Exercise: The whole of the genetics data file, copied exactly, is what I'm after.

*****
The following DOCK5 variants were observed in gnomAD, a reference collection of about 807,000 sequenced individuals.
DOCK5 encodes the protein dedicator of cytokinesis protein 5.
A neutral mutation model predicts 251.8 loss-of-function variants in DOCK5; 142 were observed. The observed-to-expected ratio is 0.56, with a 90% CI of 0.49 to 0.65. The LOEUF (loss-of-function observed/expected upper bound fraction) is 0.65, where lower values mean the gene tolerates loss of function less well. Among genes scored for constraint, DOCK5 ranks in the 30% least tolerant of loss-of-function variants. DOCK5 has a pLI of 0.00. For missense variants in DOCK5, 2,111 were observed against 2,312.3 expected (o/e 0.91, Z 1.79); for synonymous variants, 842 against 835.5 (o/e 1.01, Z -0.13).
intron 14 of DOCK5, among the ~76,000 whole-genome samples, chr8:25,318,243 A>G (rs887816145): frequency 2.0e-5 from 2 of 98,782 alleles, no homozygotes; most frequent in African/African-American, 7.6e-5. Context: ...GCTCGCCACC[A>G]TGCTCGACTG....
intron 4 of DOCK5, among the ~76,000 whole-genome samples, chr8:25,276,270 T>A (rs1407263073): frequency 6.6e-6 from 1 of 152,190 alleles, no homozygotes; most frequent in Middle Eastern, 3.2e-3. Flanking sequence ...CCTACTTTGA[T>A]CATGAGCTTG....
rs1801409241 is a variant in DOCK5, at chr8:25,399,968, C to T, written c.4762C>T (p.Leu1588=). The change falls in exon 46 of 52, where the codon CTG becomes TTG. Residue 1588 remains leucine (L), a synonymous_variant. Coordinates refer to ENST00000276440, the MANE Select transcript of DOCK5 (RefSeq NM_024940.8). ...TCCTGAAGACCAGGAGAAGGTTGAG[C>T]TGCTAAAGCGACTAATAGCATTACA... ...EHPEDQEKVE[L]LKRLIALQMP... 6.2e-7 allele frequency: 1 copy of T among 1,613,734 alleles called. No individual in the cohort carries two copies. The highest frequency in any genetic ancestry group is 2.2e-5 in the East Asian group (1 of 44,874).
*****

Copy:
The following DOCK5 variants were observed in gnomAD, a reference collection of about 807,000 sequenced individuals.
DOCK5 encodes the protein dedicator of cytokinesis protein 5.
A neutral mutation model predicts 251.8 loss-of-function variants in DOCK5; 142 were observed. The observed-to-expected ratio is 0.56, with a 90% CI of 0.49 to 0.65. The LOEUF (loss-of-function observed/expected upper bound fraction) is 0.65, where lower values mean the gene tolerates loss of function less well. Among genes scored for constraint, DOCK5 ranks in the 30% least tolerant of loss-of-function variants. DOCK5 has a pLI of 0.00. For missense variants in DOCK5, 2,111 were observed against 2,312.3 expected (o/e 0.91, Z 1.79); for synonymous variants, 842 against 835.5 (o/e 1.01, Z -0.13).
intron 14 of DOCK5, among the ~76,000 whole-genome samples, chr8:25,318,243 A>G (rs887816145): frequency 2.0e-5 from 2 of 98,782 alleles, no homozygotes; most frequent in African/African-American, 7.6e-5. Context: ...GCTCGCCACC[A>G]TGCTCGACTG....
intron 4 of DOCK5, among the ~76,000 whole-genome samples, chr8:25,276,270 T>A (rs1407263073): frequency 6.6e-6 from 1 of 152,190 alleles, no homozygotes; most frequent in Middle Eastern, 3.2e-3. Flanking sequence ...CCTACTTTGA[T>A]CATGAGCTTG....
rs1801409241 is a variant in DOCK5, at chr8:25,399,968, C to T, written c.4762C>T (p.Leu1588=). The change falls in exon 46 of 52, where the codon CTG becomes TTG. Residue 1588 remains leucine (L), a synonymous_variant. Coordinates refer to ENST00000276440, the MANE Select transcript of DOCK5 (RefSeq NM_024940.8). ...TCCTGAAGACCAGGAGAAGGTTGAG[C>T]TGCTAAAGCGACTAATAGCATTACA... ...EHPEDQEKVE[L]LKRLIALQMP... 6.2e-7 allele frequency: 1 copy of T among 1,613,734 alleles called. No individual in the cohort carries two copies. The highest frequency in any genetic ancestry group is 2.2e-5 in the East Asian group (1 of 44,874).